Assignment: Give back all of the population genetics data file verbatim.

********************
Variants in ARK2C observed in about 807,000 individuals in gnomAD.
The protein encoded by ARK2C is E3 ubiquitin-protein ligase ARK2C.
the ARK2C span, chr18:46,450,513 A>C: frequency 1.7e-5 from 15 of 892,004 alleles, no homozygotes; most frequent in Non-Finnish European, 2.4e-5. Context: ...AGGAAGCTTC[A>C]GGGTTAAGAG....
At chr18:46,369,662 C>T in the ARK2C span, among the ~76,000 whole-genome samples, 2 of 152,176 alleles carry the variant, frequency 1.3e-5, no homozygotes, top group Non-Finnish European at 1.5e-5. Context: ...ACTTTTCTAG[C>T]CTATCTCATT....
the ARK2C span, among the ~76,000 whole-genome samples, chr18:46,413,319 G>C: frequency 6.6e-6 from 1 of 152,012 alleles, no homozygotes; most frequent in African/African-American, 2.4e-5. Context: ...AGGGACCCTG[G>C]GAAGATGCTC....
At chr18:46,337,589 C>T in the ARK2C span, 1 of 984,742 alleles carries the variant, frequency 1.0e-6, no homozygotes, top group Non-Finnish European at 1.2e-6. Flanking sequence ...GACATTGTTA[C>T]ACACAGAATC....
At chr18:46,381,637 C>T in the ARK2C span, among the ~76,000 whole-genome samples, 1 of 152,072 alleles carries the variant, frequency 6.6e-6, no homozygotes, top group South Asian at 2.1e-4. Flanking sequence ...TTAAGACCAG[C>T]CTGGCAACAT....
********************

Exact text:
Variants in ARK2C observed in about 807,000 individuals in gnomAD.
The protein encoded by ARK2C is E3 ubiquitin-protein ligase ARK2C.
the ARK2C span, chr18:46,450,513 A>C: frequency 1.7e-5 from 15 of 892,004 alleles, no homozygotes; most frequent in Non-Finnish European, 2.4e-5. Context: ...AGGAAGCTTC[A>C]GGGTTAAGAG....
At chr18:46,369,662 C>T in the ARK2C span, among the ~76,000 whole-genome samples, 2 of 152,176 alleles carry the variant, frequency 1.3e-5, no homozygotes, top group Non-Finnish European at 1.5e-5. Context: ...ACTTTTCTAG[C>T]CTATCTCATT....
the ARK2C span, among the ~76,000 whole-genome samples, chr18:46,413,319 G>C: frequency 6.6e-6 from 1 of 152,012 alleles, no homozygotes; most frequent in African/African-American, 2.4e-5. Context: ...AGGGACCCTG[G>C]GAAGATGCTC....
At chr18:46,337,589 C>T in the ARK2C span, 1 of 984,742 alleles carries the variant, frequency 1.0e-6, no homozygotes, top group Non-Finnish European at 1.2e-6. Flanking sequence ...GACATTGTTA[C>T]ACACAGAATC....
At chr18:46,381,637 C>T in the ARK2C span, among the ~76,000 whole-genome samples, 1 of 152,072 alleles carries the variant, frequency 6.6e-6, no homozygotes, top group South Asian at 2.1e-4. Flanking sequence ...TTAAGACCAG[C>T]CTGGCAACAT....